Guilluy has written much about how little contact the abstract doctrines of “diversity” and “multiculturalism” make with this morally complex world. In these neighbourhoods, well-meaning people of all backgrounds “need to manage, day in, day out, a thousand and one ethnocultural questions while trying not to get caught up in hatred and violence”. Last winter, he told the magazine Causeur: “Unlike our parents in the 1960s, we live in a multicultural society, a society in which ‘the other’ doesn’t become ‘somebody like yourself’. And when ‘the other’ doesn’t become ‘somebody like yourself’, you constantly need to ask yourself how many of the other there are – whether in your neighbourhood or your apartment building. Because nobody wants to be a minority.” Thus, when 70% of French people tell pollsters, as they have for years now, that “too many foreigners” live in France, they are not necessarily being racist; but they’re not necessarily not being racist, either. It’s a complicated sentiment, and identifying “good” and “bad” strands of it – the better to draw them apart – is getting harder to do.
Guilluy came to the attention of many French readers at the turn of the millennium, through the pages of the leftist Paris daily Libération, where he promoted the American journalist David Brooks’s book Bobos in Paradise. Guilluy was fascinated by the figure of the “bobo”, an acronym combining “bourgeois” and “bohemian”, which described the new sort of upper-middle-class person who had emerged in the late-1990s tech-bubble economy. For Brooks, “bobo” was a term of endearment. These hipster nouveaux riches differed from those of yesteryear in being more sensitive and cultured, the kind of folk who shopped at Restoration Hardware for the vintage 1950s Christmas lights that reminded them of their childhoods. For Guilluy, as for most French intellectuals, “bobo” is a slur – meaning a bourgeoisie more predatory and less troubled by conscience than their predecessors. They chased the workingclass population from neighbourhoods it had spent years building up – and then expected the country to thank them.
In France, as in America, the bobos were both cause and effect of a huge cultural shift. In most parts of Paris, working-class Frenchmen are just gone, priced out of even the football stadiums that were once a bastion of French prole-dom. The metropolitan bourgeoisie no longer live cheek-by-jowl with native French people of lesser means and different values. The previously working-class housing stock has been occupied by a second layer of bourgeoisie. For every old-economy banker in an inherited high-ceilinged Second Empire apartment off the Champs-élysées, there is a new-economy television anchor or high-tech patent attorney living in some exorbitantly remodelled mews house in the Marais. They have arrived through different routes, and they might once have held different political opinions, but they don’t now. As Paris has become not just the richest city in France but the richest city in the history of France, its residents have come to describe their politics as “on the left” – a judgement that tomorrow’s historians might dispute. Guilluy calls this the politics of la gauche hashtag, preoccupied with redistribution among, not from, elites: “We may have done nothing for the poor, but we did appoint the first disabled lesbian parking commissioner.”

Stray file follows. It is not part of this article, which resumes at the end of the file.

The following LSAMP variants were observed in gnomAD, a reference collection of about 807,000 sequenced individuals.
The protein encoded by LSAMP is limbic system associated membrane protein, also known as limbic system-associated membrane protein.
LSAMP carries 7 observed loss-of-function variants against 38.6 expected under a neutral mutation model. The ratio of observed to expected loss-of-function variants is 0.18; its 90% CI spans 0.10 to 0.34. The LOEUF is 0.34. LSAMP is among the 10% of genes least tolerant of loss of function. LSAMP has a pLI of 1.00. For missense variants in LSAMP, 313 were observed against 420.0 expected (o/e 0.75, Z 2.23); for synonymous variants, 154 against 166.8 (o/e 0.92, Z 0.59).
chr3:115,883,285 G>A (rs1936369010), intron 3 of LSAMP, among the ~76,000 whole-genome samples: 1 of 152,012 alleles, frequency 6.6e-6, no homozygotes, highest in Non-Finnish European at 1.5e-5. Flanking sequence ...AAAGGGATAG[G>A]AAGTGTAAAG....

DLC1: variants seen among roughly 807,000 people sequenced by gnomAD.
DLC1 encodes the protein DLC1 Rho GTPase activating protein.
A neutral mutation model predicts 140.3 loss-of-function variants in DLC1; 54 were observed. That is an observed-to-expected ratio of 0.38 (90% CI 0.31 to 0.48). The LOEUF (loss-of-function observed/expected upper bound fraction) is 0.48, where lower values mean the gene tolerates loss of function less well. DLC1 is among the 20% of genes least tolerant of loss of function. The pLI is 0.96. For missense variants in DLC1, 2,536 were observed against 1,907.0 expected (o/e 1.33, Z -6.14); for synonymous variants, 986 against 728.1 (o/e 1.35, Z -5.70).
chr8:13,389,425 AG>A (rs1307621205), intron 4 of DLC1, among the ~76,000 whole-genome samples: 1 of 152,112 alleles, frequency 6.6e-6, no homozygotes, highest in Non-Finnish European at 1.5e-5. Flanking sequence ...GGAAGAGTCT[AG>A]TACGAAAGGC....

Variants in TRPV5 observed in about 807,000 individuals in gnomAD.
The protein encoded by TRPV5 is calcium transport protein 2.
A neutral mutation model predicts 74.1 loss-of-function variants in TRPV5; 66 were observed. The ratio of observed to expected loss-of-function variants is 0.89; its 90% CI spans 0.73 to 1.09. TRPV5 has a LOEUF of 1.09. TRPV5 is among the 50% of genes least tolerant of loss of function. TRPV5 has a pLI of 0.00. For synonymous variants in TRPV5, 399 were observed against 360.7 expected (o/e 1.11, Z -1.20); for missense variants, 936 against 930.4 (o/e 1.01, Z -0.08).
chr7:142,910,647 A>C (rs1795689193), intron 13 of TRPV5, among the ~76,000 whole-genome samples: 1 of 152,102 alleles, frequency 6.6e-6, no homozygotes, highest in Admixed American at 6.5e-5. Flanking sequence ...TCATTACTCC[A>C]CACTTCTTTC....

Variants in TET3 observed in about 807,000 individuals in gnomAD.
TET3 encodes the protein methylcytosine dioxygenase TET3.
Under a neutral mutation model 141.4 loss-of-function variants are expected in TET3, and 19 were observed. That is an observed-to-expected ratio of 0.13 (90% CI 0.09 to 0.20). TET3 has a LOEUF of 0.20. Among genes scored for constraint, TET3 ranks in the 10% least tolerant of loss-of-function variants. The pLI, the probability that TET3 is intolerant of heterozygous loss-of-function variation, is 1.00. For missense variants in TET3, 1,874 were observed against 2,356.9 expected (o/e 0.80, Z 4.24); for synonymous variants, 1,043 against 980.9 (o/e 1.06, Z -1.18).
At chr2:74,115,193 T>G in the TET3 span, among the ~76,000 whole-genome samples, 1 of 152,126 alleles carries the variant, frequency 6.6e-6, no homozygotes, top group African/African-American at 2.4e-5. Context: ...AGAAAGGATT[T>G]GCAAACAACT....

Never have conditions been more favourable for deluding a class of fortunate people into thinking that they owe their privilege to being nicer, or smarter, or more honest, than everyone else. Why would they think otherwise? They never meet anyone who disagrees with them. The immigrants with whom the creatives share the city are dazzlingly different, exotic, even frightening, but on the central question of our time – whether the global economic system is working or failing – they see eye to eye. Those outside the city gates are invisible, their wishes incomprehensible. It’s as if they don’t exist. But they do.
For those cut off from France’s new-economy citadels, the misfortunes are serious. They’re stuck economically. Three years after finishing their studies, three-quarters of French university graduates are living on their own; by contrast, three-quarters of their contemporaries without university degrees still live with their parents. And they’re dying early: in 2015, life expectancy fell for both sexes in France for the first time since the Second World War. Their political alienation is striking. Less than 2% of legislators in France’s National Assembly today come from the working class, as opposed to 20% just after the Second World War. The excluded have lost faith in efforts to distribute society’s goods more equitably. The welfare state is now distrusted by those whom it is meant to help. France’s expenditure on the heavily immigrant banlieues is already vast, in this view; to provide yet more public housing would be to widen the invitation to unwanted immigrants. In a society as divided as Guilluy describes, traditional politics can find no purchase.
With its opposition to free trade, open immigration and the EU, the National Front has established itself as the main voice of the anti-globalisers. Traditional parties now collude to keep out the FN as often as they compete. French elites have convinced themselves that their social supremacy rests not on their economic might, but on their common decency. Doing so allows them to “present the losers of globalisation as embittered people who have problems with diversity”, says Guilluy. One need not say anything racist to be denounced as a member of “white, xenophobic France”, or even as a “fascist”. To express discontent with the political system is dangerous enough. It is to faire le jeu de (“to play the game of”) the National Front.
Guilluy sees deep historical and economic processes at work behind the evolution of France’s residential spaces. “There has been no plan to ‘expel the poor’, no conspiracy,” he writes, “just a strict application of market principles.” But he is moving towards a more politically engaged view: that the rhetoric of an “open society” is “a smokescreen meant to hide the emergence of a closed society, walled off for the benefit of the upper classes”.
Christopher Caldwell is a senior editor at The Weekly Standard. A longer version of this article was originally published in the Spring 2017 issue of City Journal.
“Those outside the city gates are invisible, their wishes incomprehensible. It’s as if they don’t exist. But they do”
Christophe Guilluy: “nobody wants to be a minority”
The banlieues house immigrants who work for the Parisian middle classes